Big Picture - May 2017 - 20
The Fund for Educational Excellence
When Dave Gimbel bought the Signs by Tomorrow franchise in
Alexandria (signsbytomorrow.com/alexandria) in 2002, most of
their work was cut vinyl, banners, and run-of-the-mill signage.
But they quickly faced the question: "What would set us apart
from Kinko's, FedEx, and everybody that bought a printer?"
Gimbel says. They decided to diversify, and today about 20
percent of their work falls in the environmental graphics sector.
The franchise began working with Kirk Design on a longterm initiative with the Fund for Educational Excellence in
Baltimore. The organization plans to refurbish 25 libraries in the
Baltimore City School district; so far, Gimbel's shop has helped
shape the environment for 13 locations. Most recently, the team
provided 600 square feet of graphics for the library at George
Washington Elementary, and 950 square feet for Hampden
Elementary (left). Both feature a number of wall graphics
around and above rows of bookshelves, and are topped off with
13- and 15-foot ceiling graphics, respectively. Gimbel says the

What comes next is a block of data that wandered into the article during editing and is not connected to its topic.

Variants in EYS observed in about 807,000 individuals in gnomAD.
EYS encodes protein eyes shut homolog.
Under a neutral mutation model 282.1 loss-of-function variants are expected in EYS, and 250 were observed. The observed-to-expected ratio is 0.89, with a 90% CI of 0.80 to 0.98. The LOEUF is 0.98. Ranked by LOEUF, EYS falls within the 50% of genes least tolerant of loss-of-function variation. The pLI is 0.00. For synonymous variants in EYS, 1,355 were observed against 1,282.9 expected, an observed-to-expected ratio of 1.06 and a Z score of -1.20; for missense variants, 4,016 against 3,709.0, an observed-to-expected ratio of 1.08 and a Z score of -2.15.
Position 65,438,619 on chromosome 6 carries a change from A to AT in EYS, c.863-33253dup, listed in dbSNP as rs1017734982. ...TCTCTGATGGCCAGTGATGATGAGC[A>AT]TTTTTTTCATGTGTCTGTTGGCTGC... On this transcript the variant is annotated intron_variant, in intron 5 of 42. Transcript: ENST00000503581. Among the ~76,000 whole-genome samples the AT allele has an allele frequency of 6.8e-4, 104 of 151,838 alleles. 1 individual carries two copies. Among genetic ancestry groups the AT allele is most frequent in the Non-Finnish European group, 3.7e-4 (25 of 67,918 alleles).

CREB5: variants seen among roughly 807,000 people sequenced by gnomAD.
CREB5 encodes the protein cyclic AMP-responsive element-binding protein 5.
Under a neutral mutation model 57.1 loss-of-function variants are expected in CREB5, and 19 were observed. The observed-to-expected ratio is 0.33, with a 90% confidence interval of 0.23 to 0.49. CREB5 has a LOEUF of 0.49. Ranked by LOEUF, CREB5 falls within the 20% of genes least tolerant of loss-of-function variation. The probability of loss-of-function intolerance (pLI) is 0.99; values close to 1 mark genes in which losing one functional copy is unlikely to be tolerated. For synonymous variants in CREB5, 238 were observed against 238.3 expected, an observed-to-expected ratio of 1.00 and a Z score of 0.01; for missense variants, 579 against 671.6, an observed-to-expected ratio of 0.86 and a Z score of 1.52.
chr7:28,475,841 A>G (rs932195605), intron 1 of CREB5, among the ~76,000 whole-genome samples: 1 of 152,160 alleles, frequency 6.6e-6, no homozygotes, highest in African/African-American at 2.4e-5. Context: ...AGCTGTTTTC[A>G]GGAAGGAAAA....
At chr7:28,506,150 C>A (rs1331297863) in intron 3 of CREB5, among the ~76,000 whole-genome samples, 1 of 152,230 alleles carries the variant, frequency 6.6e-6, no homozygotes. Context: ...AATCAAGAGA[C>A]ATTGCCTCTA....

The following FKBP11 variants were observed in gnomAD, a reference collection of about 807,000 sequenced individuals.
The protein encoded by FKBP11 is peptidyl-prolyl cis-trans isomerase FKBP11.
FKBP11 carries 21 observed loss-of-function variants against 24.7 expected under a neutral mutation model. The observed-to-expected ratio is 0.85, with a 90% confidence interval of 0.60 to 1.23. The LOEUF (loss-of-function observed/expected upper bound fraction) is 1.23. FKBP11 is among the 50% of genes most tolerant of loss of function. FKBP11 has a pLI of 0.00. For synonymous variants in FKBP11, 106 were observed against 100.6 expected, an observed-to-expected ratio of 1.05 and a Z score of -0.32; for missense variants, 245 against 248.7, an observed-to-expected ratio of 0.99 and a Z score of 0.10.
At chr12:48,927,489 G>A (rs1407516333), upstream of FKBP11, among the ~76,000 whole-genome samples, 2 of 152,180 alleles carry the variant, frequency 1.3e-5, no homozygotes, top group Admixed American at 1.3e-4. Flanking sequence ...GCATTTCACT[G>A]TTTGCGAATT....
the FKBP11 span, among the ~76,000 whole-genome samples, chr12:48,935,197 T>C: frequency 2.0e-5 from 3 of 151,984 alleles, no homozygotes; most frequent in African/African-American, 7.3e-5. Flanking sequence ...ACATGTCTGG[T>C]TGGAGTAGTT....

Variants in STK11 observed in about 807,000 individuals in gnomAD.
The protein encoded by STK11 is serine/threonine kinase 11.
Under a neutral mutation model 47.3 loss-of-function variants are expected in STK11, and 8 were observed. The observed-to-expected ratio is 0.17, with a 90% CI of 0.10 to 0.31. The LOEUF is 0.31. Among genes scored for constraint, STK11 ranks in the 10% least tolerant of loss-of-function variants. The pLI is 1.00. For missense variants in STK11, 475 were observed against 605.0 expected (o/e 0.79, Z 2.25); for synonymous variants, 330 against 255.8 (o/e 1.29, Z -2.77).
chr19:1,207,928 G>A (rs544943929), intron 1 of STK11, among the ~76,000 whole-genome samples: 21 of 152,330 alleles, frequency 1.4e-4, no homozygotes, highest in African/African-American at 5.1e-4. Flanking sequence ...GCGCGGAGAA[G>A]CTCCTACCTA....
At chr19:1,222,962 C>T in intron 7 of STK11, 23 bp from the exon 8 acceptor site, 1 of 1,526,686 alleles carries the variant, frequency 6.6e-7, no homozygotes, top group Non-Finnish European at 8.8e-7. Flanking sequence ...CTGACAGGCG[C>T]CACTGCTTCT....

key to the ceiling graphic is printing 2 to 4 inches of extra
material to allow for flexibility at install. The shop used a
Mimaki JV33-160 printer to image 3M Controltac IJ40 vinyl.
Crazy Bowls & Wraps
counts of mold.
Vinyl is highly
"The days of clients writing specs of what they want seem to
be long gone," says Shawn Fogle, VP of display and graphics
at Swift Print Communications (swiftprint.com). Fogle finds
himself in an increasingly consultative role as print capabilities become more and more specialized.
Swift Print partnered with design agency Atomic Dust to
rebrand a fast casual restaurant called Crazy Bowls & Wraps;
the chain wanted to be sure they stood out in a crowded market.
Swift Print came in before sunrise to complete the install
and ran into a few unfriendly surfaces. Because the restaurant
was already in operation, there were cleaning oils on the walls
that made it tough to get the vinyl to stick. But after some
perseverance and extra 3M adhesion spray, they pulled it off.
The 403 square feet of graphics were printed with an Epson
SureColor S50675 onto Briteline vinyl.